Veterinarian Reviewed on January 31, 2008 by Dr. Janice Huntingford
Often our pets become so ill that there is no course of treatment to prevent an extremely long and painful death. In cases such as these, many pet owners decide to take a more humane approach and euthanatize their beloved animal. Preparing for and following through with euthanatizing your pet is a very emotional and difficult process which involves a very difficult and final decision.
Who Can Help?
Making the decision to euthanatize your pet is of course a personal decision. You have probably built a special relationship with your pet and as a result will find it very stressful to see your pet ill. Many owners have faced this decision at one time or another and you probably have a friend or family member who can help you with this process. Though you ultimately need to make the best decision for yourself and your pet you should not hesitate to rely on your veterinarian, family, or friends to give you advice and guidance. Be sure to keep your pet at the forefront of this decision. Consider their quality of life and how their quality of life is likely to deteriorate over the course of their illness.
When Do I Euthanaize my Pet?
Deciding when it is time for your pet to be euthanatized is also challenging. First of all, you’ll want to consider what kind of joy your pet is getting out of life. If you dog or cat is unable to experience the activities that once brought them happiness then euthanasia might be warranted. In addition, if your pet seems to be experiencing extreme amounts of pain or if they have a terminal illness you might already be thinking about euthanasia. This being the case, it is important to have a discussion with your veterinarian or other family members who understand your pet. When all treatment options have been exhausted and your pet’s illness continues to get worse your veterinarian will likely begin to talk to you about euthanasia and can help you with a timeline.
In some circumstances, you might be forced to euthanatize your pet. Even if your pet is not suffering from a terminal or painful illness but has become vicious or overly aggressive you may want to consider euthanasia. If your dog or cat has viciously attacked another person or animal you may even be ordered by the courts to euthanatize your pet. Furthermore, some owners consider euthanatizing their pet when they have to move or cannot cope with the burden of a pet. These circumstances are unfortunate and every effort should be made to find your pet a proper home. Euthanasia should really be a last resort.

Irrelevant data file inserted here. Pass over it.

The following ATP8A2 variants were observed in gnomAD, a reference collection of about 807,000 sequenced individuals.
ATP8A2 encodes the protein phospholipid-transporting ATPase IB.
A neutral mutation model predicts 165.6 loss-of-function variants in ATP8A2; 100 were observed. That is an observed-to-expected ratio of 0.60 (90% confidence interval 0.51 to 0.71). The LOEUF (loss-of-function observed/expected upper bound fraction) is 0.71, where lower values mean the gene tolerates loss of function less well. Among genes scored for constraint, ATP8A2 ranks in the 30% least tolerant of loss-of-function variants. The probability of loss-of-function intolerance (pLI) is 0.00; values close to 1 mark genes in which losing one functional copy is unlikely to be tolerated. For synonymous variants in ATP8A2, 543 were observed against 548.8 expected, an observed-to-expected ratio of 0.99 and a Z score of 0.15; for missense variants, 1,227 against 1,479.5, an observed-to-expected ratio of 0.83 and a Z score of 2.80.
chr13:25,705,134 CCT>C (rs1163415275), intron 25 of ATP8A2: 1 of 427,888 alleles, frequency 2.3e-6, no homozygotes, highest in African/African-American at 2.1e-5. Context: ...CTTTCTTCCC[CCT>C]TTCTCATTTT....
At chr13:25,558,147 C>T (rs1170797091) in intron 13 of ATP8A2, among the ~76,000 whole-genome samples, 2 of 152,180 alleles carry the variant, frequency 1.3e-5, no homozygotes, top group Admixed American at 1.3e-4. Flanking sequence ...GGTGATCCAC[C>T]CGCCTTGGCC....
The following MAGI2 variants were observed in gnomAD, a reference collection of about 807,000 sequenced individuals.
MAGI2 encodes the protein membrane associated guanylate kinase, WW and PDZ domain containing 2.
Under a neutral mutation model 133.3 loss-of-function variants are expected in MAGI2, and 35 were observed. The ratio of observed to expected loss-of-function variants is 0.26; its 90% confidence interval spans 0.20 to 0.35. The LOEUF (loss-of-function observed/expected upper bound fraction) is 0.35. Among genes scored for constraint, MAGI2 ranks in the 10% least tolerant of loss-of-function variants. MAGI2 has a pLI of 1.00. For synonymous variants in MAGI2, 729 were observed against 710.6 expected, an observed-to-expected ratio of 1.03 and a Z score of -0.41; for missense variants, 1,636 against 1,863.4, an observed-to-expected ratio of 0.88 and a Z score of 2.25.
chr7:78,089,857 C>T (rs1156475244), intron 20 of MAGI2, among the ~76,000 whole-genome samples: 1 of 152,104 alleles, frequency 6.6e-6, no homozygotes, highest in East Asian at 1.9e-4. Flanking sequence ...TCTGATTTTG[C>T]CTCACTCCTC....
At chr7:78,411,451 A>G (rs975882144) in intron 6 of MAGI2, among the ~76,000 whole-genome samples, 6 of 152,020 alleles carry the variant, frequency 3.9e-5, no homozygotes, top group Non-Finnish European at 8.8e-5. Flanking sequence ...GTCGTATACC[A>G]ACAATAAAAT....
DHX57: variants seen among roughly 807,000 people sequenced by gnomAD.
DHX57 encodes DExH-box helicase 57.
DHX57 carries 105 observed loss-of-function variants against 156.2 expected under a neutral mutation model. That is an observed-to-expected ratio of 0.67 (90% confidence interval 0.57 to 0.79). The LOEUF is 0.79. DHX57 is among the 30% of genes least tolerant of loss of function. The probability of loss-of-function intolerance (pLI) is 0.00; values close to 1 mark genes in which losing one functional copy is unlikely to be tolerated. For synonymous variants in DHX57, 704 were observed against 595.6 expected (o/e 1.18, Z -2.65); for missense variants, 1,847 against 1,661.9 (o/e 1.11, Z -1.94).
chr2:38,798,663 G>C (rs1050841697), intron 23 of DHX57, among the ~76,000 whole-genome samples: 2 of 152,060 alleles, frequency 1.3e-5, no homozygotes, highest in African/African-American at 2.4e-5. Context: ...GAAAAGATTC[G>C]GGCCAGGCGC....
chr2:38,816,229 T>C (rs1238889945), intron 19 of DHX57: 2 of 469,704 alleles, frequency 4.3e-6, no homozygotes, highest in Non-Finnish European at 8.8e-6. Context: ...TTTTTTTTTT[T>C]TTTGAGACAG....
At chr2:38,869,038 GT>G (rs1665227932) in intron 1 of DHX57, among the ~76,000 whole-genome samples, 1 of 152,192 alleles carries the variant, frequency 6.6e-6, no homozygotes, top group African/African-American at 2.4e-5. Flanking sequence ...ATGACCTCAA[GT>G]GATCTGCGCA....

Grieving for your Pet
Even though you have chosen to euthanatize your pet, chances are you are still suffering through grief. The normal grieving process involves denial, anger, guilt, depression, and eventually acceptance. You should expect to deal with these different aspects of grieving and should allow yourself enough time to cope with your loss. In addition, it is helpful to have family and friends around during this grieving process.
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Janice Huntingford, DVM, has been in veterinary practice for over 30 years and has founded two veterinary clinics since receiving her Doctor of Veterinary Medicine at the Ontario Veterinary College, University of Guelph. She has studied extensively in both conventional and holistic modalities. Ask Dr. Jan